The adviser and the Portfolios were granted an exemptive order from the Securities and Exchange Commission that allows the adviser to hire a new sub-adviser or sub-advisers and/or change a sub-adviser or sub-advisers without shareholder approval. The adviser has the ultimate responsibility, subject to oversight by the Board of Trustees, to oversee each sub-adviser and recommend its hiring, termination and replacement.  The exemptive order permits the adviser to appoint a sub-adviser with the approval of the Board of Trustees and without obtaining approval from a Portfolio’s shareholders. Within 90 days after hiring any new sub-adviser, the applicable Portfolio’s shareholders will receive information about the new sub-advisory relationship.


Sub-Adviser Portfolio Managers


Adam Schenck, CFA, FRM


Portfolio Manager of Milliman


Mr. Schenck has served as a Portfolio Manager for the sub-adviser since January 2005.  Mr. Schenck holds a Master’s degree in Financial Mathematics from the University of Chicago and a Bachelor of Science degree in Computer Science and Mathematics from Eckerd College.  He also holds the Chartered Financial Analyst designation and the Financial Risk Manager (FRM) certification.




45




Table Of Contents


Cheryl M. Duckworth, CFA


Managing Director and Associate Director of Global Industry Research affiliated with Wellington Management and located outside the U.S.


Ms. Duckworth supervises and coordinates a team of global industry analysts that manage the Portfolio and has served in this capacity for the Portfolio since its inception in 2013. Ms. Duckworth joined Wellington Management as an investment professional in 1994.


Mark D. Mandel, CFA


Senior Vice President and Director of Global Industry Research of Wellington Management


Mr. Mandel supervises a team of global industry analysts that manage the Portfolio and has served in this capacity for the Portfolio since its inception in 2013. Mr. Mandel is not involved in the day-to-day management of the Portfolio. Mr. Mandel joined Wellington Management as an investment professional in 1994.


Michael E. Stack


Senior Vice President and Fixed Income Portfolio Manager of Wellington Management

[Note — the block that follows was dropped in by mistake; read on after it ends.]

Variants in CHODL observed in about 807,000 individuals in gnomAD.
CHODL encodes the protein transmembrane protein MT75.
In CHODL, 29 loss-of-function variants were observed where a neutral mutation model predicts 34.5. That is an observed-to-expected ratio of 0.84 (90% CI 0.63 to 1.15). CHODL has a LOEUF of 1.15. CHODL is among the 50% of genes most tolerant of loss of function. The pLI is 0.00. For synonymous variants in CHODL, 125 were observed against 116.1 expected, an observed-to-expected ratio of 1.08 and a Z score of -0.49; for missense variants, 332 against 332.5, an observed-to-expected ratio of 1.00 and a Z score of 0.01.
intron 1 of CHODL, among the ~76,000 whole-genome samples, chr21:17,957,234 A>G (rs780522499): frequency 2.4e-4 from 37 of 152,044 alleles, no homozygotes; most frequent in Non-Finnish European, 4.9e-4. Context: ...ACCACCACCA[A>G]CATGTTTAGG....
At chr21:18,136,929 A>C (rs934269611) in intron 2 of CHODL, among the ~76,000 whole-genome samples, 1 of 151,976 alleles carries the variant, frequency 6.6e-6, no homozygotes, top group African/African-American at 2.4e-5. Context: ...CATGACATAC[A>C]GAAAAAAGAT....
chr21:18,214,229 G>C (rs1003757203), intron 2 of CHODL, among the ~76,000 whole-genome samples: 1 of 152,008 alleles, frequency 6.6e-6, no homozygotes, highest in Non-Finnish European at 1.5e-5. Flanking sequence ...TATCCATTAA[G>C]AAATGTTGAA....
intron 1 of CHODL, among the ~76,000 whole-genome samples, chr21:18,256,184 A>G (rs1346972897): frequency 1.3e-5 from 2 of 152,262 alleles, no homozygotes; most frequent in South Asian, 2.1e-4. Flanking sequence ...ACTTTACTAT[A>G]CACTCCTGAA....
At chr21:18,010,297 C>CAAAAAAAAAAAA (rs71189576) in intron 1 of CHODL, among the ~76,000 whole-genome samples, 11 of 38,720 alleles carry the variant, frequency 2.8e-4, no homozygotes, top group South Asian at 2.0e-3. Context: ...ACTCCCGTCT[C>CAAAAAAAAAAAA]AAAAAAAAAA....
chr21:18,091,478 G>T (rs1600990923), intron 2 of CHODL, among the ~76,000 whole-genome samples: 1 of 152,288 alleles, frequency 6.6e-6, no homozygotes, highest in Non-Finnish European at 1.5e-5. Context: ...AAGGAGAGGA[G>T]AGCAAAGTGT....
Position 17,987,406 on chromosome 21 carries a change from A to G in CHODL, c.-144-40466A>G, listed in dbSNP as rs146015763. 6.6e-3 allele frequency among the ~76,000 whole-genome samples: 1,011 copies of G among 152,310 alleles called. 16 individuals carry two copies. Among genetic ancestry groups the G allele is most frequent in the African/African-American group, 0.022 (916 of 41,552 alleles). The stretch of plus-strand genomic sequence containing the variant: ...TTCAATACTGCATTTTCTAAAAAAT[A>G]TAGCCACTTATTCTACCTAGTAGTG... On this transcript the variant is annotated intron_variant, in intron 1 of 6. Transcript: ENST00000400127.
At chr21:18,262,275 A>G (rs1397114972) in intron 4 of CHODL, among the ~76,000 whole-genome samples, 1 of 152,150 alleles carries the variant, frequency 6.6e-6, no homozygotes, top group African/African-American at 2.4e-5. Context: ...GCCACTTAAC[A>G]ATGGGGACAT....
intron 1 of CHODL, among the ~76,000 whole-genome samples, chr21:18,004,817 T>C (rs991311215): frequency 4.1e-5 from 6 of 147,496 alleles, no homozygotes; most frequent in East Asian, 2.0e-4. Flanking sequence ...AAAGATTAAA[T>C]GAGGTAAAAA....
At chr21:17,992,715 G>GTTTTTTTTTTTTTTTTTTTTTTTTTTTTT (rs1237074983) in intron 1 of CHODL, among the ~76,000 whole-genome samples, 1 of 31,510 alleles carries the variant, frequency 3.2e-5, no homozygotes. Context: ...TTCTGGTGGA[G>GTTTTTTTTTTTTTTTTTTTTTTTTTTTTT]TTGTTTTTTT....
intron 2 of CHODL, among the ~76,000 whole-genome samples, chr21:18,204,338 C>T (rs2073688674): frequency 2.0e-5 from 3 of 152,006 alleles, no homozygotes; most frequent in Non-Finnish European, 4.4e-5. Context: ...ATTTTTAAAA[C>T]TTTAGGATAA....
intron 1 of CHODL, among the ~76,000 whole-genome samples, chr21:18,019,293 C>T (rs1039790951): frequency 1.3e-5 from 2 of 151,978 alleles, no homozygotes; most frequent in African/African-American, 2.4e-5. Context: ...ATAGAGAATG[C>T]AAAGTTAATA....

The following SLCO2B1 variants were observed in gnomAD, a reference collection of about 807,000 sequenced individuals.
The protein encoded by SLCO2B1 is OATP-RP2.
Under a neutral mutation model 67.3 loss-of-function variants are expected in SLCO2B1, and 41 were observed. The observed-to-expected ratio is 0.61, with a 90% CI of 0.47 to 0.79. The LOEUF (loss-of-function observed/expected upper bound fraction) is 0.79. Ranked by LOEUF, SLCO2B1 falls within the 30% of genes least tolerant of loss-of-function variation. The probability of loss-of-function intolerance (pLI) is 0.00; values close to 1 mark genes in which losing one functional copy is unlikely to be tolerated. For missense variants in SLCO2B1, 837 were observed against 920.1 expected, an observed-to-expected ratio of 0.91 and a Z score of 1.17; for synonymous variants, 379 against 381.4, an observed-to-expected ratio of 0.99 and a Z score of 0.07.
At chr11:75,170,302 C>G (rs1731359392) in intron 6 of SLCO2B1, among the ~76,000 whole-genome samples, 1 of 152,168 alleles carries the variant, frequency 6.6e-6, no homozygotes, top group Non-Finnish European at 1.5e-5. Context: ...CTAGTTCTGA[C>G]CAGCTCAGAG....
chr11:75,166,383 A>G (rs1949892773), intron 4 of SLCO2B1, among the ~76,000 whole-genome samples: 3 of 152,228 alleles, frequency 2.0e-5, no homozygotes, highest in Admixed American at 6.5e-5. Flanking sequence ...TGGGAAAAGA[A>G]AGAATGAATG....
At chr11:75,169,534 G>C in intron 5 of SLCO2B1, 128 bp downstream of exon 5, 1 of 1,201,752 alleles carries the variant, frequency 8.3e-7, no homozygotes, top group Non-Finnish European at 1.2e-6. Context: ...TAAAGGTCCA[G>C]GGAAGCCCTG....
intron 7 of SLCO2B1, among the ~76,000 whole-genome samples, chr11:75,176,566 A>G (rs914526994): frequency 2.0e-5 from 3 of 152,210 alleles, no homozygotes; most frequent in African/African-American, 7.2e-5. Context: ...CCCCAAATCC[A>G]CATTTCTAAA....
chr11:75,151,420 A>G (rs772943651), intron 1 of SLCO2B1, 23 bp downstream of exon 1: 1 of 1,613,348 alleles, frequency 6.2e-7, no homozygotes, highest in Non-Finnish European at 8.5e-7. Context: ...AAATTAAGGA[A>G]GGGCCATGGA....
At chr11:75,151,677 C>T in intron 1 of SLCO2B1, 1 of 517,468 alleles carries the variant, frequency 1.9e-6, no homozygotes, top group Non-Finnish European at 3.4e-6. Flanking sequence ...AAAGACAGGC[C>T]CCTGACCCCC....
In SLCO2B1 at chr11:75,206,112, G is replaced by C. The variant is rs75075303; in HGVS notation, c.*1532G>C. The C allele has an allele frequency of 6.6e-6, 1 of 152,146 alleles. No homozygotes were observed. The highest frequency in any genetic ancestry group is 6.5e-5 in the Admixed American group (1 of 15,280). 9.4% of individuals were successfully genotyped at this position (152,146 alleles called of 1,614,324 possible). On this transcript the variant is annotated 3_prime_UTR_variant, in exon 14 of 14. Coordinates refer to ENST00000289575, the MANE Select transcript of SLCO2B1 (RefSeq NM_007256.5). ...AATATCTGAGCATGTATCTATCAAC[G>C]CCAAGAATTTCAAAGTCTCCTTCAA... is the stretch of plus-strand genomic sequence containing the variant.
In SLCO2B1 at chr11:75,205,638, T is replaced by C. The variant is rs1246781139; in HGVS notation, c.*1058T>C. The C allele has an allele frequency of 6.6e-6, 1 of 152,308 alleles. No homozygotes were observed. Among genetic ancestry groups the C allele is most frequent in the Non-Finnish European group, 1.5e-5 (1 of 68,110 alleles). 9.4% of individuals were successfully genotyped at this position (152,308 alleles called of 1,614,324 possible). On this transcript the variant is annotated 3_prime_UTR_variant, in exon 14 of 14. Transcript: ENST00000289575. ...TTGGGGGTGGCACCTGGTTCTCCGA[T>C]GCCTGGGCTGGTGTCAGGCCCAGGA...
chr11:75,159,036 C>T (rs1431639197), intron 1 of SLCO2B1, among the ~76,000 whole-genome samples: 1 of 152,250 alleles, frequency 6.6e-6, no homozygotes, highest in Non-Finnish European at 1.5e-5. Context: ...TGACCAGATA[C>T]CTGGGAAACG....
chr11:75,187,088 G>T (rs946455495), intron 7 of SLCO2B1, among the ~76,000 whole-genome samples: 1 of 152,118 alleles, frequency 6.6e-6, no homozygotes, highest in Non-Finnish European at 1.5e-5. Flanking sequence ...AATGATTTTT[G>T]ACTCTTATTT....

Mr. Stack has served as portfolio manager for the fixed income portion of the Wellington Management Allocation since its inception in 2013.  Mr. Stack joined Wellington Management as an investment professional in 2000.  


Glen M. Goldman


Vice President and Fixed Income Portfolio Manager of Wellington Management


Mr. Goldman has served as portfolio manager for the fixed income portion of the Wellington Management Allocation since its inception in 2013.  Mr. Goldman joined Wellington Management as an investment professional in 2007.


The Portfolios' Statement of Additional Information provides additional information about the portfolio managers' compensation structure, other accounts managed by the portfolio managers, and the portfolio managers' ownership of shares of the Portfolio.


HOW SHARES ARE PRICED


The public offering price and Net Asset Value ("NAV") of Portfolio shares are determined at 4:00 p.m. (Eastern Time) on each day the New York Stock Exchange ("NYSE") is open for business.  NAV is computed by determining the aggregate market value of all assets of a Portfolio less its liabilities divided by the total number of the Portfolio's shares outstanding, on a per-class basis.  ((Asset minus liabilities)/number of shares=NAV).  The NYSE is closed on weekends and New Year's Day, Martin Luther King, Jr. Day, Presidents’ Day, Good Friday, Memorial Day, Independence Day, Labor Day, Thanksgiving Day and Christmas Day.  The NAV takes into account the per-class expenses and fees of a Portfolio, including investment advisory, administration, and distribution fees, if any, which are accrued daily.  The determination of NAV of a Portfolio for a particular day is applicable to all applications for the purchase of shares, as well as all requests for the redemption of shares, received by the Portfolio (or an authorized broker or agent, or its authorized designee) before the close of trading on the NYSE on that day.



46




Table Of Contents